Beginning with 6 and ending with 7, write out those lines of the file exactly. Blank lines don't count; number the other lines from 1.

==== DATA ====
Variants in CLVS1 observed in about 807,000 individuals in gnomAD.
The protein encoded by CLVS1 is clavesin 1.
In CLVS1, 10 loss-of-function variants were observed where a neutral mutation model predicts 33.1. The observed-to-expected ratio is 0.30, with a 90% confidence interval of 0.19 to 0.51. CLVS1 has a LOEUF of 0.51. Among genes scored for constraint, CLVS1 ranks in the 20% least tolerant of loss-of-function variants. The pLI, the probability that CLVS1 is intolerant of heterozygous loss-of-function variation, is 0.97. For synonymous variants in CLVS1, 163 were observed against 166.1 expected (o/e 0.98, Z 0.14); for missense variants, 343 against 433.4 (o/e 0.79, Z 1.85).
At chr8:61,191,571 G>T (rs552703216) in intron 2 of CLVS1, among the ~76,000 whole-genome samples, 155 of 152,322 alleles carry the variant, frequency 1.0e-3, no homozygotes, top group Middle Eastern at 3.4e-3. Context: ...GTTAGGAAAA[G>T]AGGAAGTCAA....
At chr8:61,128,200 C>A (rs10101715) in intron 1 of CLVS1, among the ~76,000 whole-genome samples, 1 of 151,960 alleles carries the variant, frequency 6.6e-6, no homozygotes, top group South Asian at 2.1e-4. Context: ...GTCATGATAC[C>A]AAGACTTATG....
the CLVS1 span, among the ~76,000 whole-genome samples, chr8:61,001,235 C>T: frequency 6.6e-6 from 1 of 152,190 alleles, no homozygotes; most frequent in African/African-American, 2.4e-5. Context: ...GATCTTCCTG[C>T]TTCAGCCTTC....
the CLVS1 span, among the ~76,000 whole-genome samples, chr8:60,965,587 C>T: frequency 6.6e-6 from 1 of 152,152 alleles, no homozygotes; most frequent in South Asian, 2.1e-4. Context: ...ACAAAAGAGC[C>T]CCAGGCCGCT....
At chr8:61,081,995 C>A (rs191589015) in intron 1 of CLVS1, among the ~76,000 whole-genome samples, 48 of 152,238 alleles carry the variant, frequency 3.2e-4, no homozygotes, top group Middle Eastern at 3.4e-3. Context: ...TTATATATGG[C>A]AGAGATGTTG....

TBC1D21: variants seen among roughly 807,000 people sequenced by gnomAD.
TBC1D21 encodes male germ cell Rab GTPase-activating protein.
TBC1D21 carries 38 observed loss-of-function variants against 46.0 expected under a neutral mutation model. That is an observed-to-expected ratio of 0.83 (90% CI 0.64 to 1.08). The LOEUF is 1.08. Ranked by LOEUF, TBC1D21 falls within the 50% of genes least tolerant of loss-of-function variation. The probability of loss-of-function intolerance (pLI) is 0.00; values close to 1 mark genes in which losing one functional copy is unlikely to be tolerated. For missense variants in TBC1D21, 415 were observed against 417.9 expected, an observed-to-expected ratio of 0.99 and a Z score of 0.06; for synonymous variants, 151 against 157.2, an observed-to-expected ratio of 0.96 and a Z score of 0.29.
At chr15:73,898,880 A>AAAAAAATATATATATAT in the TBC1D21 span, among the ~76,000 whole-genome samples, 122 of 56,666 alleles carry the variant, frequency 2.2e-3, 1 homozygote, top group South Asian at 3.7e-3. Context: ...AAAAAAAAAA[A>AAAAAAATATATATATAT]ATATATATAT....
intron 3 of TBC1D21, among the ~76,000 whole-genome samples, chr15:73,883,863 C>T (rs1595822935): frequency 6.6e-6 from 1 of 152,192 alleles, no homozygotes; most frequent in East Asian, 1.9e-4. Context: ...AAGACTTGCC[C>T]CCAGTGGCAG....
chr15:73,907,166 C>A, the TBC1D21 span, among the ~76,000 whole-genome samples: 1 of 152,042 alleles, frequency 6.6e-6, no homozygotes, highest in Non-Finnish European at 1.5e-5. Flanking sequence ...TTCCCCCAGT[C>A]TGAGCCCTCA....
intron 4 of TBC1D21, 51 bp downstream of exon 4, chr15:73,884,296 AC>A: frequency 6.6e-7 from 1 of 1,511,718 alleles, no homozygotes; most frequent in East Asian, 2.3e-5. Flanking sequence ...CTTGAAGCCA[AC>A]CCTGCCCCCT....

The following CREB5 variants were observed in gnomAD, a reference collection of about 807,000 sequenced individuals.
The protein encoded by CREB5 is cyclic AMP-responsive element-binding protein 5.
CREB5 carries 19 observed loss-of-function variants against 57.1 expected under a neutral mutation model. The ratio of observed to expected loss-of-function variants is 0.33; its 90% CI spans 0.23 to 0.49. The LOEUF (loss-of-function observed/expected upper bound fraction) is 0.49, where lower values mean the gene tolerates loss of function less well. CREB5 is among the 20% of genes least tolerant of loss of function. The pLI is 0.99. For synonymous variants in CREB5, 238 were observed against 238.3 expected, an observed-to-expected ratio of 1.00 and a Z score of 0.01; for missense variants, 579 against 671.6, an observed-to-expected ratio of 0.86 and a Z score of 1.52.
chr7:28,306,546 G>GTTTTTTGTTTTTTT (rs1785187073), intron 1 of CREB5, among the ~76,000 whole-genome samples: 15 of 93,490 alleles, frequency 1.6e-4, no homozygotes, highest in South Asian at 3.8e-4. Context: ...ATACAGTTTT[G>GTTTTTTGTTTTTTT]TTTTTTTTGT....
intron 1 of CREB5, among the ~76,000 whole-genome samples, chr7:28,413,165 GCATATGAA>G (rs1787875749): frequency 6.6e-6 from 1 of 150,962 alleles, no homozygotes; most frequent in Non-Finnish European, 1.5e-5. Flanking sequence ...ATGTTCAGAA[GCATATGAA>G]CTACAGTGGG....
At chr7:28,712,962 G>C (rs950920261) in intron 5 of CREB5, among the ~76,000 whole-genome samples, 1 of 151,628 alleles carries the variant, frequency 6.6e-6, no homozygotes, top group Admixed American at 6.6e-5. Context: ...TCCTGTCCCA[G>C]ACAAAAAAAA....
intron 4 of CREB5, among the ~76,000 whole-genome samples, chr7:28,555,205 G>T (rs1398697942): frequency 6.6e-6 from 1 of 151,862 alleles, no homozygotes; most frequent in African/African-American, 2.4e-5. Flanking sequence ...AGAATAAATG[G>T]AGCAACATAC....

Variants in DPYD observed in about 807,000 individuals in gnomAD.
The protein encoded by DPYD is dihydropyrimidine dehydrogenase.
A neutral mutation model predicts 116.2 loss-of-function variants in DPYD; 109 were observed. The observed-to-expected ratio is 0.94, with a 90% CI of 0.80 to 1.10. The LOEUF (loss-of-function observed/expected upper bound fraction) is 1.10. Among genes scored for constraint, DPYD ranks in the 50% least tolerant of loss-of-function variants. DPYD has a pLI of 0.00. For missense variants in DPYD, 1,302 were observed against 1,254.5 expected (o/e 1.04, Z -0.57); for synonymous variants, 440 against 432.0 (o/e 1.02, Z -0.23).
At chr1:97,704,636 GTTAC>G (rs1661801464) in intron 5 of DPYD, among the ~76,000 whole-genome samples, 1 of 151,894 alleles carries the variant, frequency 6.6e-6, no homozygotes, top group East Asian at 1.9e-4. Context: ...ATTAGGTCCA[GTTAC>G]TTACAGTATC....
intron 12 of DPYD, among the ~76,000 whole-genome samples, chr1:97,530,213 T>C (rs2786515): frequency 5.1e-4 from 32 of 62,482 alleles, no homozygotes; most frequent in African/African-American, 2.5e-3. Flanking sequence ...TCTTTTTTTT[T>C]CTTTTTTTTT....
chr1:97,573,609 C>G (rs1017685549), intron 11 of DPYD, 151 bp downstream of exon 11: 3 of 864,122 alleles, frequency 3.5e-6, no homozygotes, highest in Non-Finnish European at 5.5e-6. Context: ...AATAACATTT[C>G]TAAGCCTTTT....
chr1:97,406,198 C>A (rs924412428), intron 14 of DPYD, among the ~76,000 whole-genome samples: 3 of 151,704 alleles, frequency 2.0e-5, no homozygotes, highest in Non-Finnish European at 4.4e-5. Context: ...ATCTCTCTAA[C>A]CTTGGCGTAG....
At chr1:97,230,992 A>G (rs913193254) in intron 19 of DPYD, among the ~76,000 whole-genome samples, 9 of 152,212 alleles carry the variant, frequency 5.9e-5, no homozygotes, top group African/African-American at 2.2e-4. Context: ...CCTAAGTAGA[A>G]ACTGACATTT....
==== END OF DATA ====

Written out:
the CLVS1 span, among the ~76,000 whole-genome samples, chr8:61,001,235 C>T: frequency 6.6e-6 from 1 of 152,190 alleles, no homozygotes; most frequent in African/African-American, 2.4e-5. Context: ...GATCTTCCTG[C>T]TTCAGCCTTC....
the CLVS1 span, among the ~76,000 whole-genome samples, chr8:60,965,587 C>T: frequency 6.6e-6 from 1 of 152,152 alleles, no homozygotes; most frequent in South Asian, 2.1e-4. Context: ...ACAAAAGAGC[C>T]CCAGGCCGCT....